French ambassador visits GW

Jean-David Levitte, France’s ambassador to the United States, said his country would always be a U.S. ally despite its reservations about Operation Iraqi Freedom in a speech at GW Friday.

Speaking in front of a packed crowd of about 100 people in the Elliott School of International Affairs building, Levitte talked about French-American relations after the September 11 attacks, which he said left an indelible image in his mind.

“I saw the destruction of the Twin Towers from my office … this will stay in my heart for the rest of my life,” he said.

Levitte said France supports the U.S. in its attempt to internationalize the peacekeeping force in Iraq but said he is concerned that a U.S. resolution introduced in the United Nations would not give enough decision-making power to international organizations.

He maintained that U.S.-French relations are still strong despite recent policy differences.

After his 20-minute speech, Levitte opened the floor to questions.

-Rachel Weiner

Republocrats preach political tolerance

“If your aunt told you you’d never get anywhere with that smart mouth and attitude tell her to look at Tucker Carlson and Paul Begala,” said CNN’s “Crossfire” host Tucker Carlson to 70 students Thursday.

Carlson, along with co-host Begala engaged in a 45-minute dialogue with GW’s new politically tolrant student organization the Republocrats.

Carlson, a Republican, and Begala, a Democrat discussed the nature of interactions between political parties.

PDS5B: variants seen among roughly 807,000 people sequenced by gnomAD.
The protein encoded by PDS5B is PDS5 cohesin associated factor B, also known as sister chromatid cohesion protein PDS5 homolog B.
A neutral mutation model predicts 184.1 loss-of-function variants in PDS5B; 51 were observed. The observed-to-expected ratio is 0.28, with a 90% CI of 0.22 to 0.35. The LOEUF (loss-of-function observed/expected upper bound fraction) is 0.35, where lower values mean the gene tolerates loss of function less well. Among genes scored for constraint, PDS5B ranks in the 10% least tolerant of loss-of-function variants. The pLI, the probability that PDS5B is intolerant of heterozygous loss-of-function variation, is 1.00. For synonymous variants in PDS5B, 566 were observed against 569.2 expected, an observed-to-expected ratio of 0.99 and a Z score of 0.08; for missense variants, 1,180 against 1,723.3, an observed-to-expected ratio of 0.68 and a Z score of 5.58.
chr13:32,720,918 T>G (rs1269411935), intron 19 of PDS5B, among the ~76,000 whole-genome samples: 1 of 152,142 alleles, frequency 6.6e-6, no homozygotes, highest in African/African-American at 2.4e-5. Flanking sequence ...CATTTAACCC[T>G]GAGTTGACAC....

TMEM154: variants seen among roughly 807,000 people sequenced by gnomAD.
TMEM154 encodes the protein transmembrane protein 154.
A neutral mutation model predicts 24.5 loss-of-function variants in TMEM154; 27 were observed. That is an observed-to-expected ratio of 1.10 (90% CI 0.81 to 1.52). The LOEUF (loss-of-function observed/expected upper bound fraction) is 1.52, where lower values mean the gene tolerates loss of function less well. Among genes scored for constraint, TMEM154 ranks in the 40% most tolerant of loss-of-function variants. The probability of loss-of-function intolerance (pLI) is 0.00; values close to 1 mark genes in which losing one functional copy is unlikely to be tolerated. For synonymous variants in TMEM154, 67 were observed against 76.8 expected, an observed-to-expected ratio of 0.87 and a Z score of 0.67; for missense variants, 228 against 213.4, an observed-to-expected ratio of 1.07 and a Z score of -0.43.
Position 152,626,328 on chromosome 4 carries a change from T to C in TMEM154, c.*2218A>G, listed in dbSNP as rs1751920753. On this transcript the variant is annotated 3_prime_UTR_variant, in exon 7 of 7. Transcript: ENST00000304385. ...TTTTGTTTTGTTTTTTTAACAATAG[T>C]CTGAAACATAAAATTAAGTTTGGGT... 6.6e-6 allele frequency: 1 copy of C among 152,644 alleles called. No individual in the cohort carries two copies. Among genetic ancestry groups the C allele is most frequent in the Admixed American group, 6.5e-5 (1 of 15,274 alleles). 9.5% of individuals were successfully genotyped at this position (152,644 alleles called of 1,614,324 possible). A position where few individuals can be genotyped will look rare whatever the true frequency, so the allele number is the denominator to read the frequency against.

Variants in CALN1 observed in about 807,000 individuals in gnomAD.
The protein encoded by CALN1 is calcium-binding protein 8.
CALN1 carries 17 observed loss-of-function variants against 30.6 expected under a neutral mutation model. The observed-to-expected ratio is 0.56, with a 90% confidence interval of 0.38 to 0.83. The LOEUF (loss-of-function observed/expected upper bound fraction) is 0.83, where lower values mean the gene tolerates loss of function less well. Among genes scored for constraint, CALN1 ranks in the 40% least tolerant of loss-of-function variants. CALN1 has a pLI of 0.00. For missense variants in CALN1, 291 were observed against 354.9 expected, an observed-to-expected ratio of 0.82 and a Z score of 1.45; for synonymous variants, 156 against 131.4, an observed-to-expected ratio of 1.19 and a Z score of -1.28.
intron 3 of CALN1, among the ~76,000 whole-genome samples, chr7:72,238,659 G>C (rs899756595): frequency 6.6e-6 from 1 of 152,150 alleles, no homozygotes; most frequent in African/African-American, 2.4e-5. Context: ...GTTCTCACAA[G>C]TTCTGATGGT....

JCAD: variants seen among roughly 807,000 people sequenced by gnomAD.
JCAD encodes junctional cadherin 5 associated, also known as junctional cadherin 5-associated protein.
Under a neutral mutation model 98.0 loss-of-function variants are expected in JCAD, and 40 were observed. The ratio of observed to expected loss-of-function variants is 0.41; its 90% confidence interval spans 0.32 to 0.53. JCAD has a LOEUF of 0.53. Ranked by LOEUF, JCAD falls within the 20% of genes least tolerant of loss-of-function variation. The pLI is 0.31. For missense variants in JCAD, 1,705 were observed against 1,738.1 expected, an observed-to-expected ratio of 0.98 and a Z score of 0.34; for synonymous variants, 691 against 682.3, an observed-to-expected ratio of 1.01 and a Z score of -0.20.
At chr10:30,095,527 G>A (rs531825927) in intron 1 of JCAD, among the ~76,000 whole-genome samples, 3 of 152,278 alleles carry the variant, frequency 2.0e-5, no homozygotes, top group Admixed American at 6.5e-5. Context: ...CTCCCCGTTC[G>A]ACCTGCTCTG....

Despite political divisions, the hosts said they agree on importance of free speech and the pursuit of the truth.

One student asked Carlson to explain his trademark bow tie.

“It’s an anti-adultery device because you can’t commit adultery when you wear one,” Carlson said.

Student leaders said they formed the group to increase tolerance and that students need not be involved in a party to join.

The Republocrats meet Tuesday nights at 6 p.m. on the second floor of the Marvin Center. The group plans to invite speakers, conduct discussions and debates and perform political service projects such as initiating a KidsVote chapter in the D.C. area.

-Bridget Joyce

Students gather for Octoberfest

About 250 students gathered in University Yard Saturday for free food, music and political awareness at the fifth Annual Octoberfest, co-sponsored by WRGW and Common Cause.

Students spent the day socializing and playing frisbee while listening to music. Local bands the Bicycle Thieves, Sad Bastards, Alfonso Valez, A Day in Black and White and The Apes performed.

Organizers said Octoberfest was an opportunity to introduce GW students to the local music scene.

“There is no support for D.C. music in D.C.,” said junior Josh Pearl, WRGW music director.

Aside from hearing local bands, students got a lesson in political awareness from Common Cause GW, which had information tables set up at the event. This is the first year Common Cause co-sponsored the event with WRGW.

-Ari Levitus

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